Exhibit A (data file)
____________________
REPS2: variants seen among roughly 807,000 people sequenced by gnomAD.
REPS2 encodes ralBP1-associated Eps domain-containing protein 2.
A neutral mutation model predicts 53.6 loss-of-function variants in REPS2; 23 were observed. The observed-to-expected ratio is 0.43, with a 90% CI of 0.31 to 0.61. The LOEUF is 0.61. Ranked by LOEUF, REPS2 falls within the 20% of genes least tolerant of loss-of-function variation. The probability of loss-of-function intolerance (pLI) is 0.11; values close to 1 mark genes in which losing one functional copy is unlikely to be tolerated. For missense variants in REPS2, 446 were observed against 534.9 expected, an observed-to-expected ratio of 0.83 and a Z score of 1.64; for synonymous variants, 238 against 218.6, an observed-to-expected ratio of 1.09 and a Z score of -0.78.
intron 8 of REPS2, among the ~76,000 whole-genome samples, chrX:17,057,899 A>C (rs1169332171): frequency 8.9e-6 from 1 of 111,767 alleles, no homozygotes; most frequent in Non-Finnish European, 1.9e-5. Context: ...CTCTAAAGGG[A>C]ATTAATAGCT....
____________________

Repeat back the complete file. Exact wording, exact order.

REPS2: variants seen among roughly 807,000 people sequenced by gnomAD.
REPS2 encodes ralBP1-associated Eps domain-containing protein 2.
A neutral mutation model predicts 53.6 loss-of-function variants in REPS2; 23 were observed. The observed-to-expected ratio is 0.43, with a 90% CI of 0.31 to 0.61. The LOEUF is 0.61. Ranked by LOEUF, REPS2 falls within the 20% of genes least tolerant of loss-of-function variation. The probability of loss-of-function intolerance (pLI) is 0.11; values close to 1 mark genes in which losing one functional copy is unlikely to be tolerated. For missense variants in REPS2, 446 were observed against 534.9 expected, an observed-to-expected ratio of 0.83 and a Z score of 1.64; for synonymous variants, 238 against 218.6, an observed-to-expected ratio of 1.09 and a Z score of -0.78.
intron 8 of REPS2, among the ~76,000 whole-genome samples, chrX:17,057,899 A>C (rs1169332171): frequency 8.9e-6 from 1 of 111,767 alleles, no homozygotes; most frequent in Non-Finnish European, 1.9e-5. Context: ...CTCTAAAGGG[A>C]ATTAATAGCT....